Wishful Thinking, Fairytale Ending: Massenet's 'Cendrillon'

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woo-1410-250When it comes to reimagining the classic fairy tales, it's hard to imagine anyone doing it as well as Walt Disney did, in films such as Snow White and Cinderella. But when it comes to Cinderella, at least, composer Jules Massenet may have given Disney a run for his money back in 1899, with the opera Cendrillon.

At first glance, it might seem that comparing an animated Disney film to a 19th-century French opera would be something of a stretch. After all, Disney's Cinderella and Massenet's Cendrillon are from two different eras, with very different sensibilities. The movie is, relatively speaking, "modern" entertainment. It feels like something from our own era -- something we can identify with. And the opera? Well, it's from whatever era French Romantic opera came from. Which is to say, it’s from "a long time ago."  

But how long ago was it? Disney’s movie came out early in 1950, 60-plus years ago. Massenet’s opera was first seen in 1899, just 51 years before the film. That is, Disney made his film during an era closer to Massenet’s than to our own. Given all that, why shouldn’t the movie have as much in common with Massenet’s opera as with "contemporary" film entertainment?   

Well, it just might. The two have the story in common, of course. It's been around forever and Massenet uses what’s probably the most popular version, complete with Cinderella's famous glass slippers. Visual effects? Naturally, the composer didn’t have Disney’s technological resources, but French opera was famous for special effects long before there even was a Hollywood. And the music? Well, there are surely some great songs in the film, from "Bibbidi-bobbidi-boo" to "A Dream is a Wish Your Heart Makes." Still, Massenet hardly takes a back seat in that regard. He was one of history’s most successful theater composers, with a whole career’s worth of hits to his name, and this opera is one of his very best.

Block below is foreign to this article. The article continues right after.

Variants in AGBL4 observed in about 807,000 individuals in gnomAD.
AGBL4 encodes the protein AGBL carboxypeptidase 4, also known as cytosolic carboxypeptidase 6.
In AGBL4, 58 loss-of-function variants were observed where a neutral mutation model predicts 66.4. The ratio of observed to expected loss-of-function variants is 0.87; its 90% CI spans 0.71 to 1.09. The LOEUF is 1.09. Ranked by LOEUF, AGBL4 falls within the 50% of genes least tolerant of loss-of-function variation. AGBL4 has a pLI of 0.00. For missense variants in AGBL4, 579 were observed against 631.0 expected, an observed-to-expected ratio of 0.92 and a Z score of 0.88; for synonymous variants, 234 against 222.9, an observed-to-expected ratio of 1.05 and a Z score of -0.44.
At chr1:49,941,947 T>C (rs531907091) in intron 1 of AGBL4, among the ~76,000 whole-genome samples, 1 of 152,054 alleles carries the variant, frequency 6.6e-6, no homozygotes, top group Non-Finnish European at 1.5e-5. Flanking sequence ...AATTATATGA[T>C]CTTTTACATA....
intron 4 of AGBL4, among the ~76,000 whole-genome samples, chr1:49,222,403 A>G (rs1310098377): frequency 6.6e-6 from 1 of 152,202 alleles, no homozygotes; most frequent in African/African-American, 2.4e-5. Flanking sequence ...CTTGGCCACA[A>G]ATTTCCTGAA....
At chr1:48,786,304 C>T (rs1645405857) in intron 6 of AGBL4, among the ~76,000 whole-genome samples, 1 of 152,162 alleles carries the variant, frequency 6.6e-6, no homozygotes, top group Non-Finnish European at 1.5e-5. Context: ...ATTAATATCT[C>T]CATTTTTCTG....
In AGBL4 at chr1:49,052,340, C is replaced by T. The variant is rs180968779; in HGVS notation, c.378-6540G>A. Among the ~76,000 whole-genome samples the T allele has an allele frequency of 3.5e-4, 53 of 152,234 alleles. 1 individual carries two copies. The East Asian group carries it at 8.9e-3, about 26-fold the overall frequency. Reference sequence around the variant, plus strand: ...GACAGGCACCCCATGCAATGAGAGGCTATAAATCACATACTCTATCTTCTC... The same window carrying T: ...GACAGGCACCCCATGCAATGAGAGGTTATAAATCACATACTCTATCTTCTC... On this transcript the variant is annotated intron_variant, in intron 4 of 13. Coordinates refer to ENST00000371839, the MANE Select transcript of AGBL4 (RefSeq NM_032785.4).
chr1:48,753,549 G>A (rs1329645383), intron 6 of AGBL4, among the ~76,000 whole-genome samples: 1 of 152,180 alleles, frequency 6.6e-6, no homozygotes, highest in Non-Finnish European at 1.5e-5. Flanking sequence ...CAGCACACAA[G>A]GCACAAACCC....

So, give Massenet’s opera a chance, and you may come away thinking Walt Disney must have surely been an opera buff. Like the film, the opera takes us to a fanciful time and place, with vividly drawn characters, magical love, and enchanting dreams -- plus music as appealing, and dreamily expressive, as anything Massenet ever composed.

On World of Opera, host Lisa Simeone presents Cendrillon from the Grand Liceu Theatre in Barcelona. The stars are Joyce DiDonato as Cinderella and Ewa Podlés as the Wicked Stepmother, with Alice Coote as the young Prince Charming, in a production led by conductor Andrew Davis.

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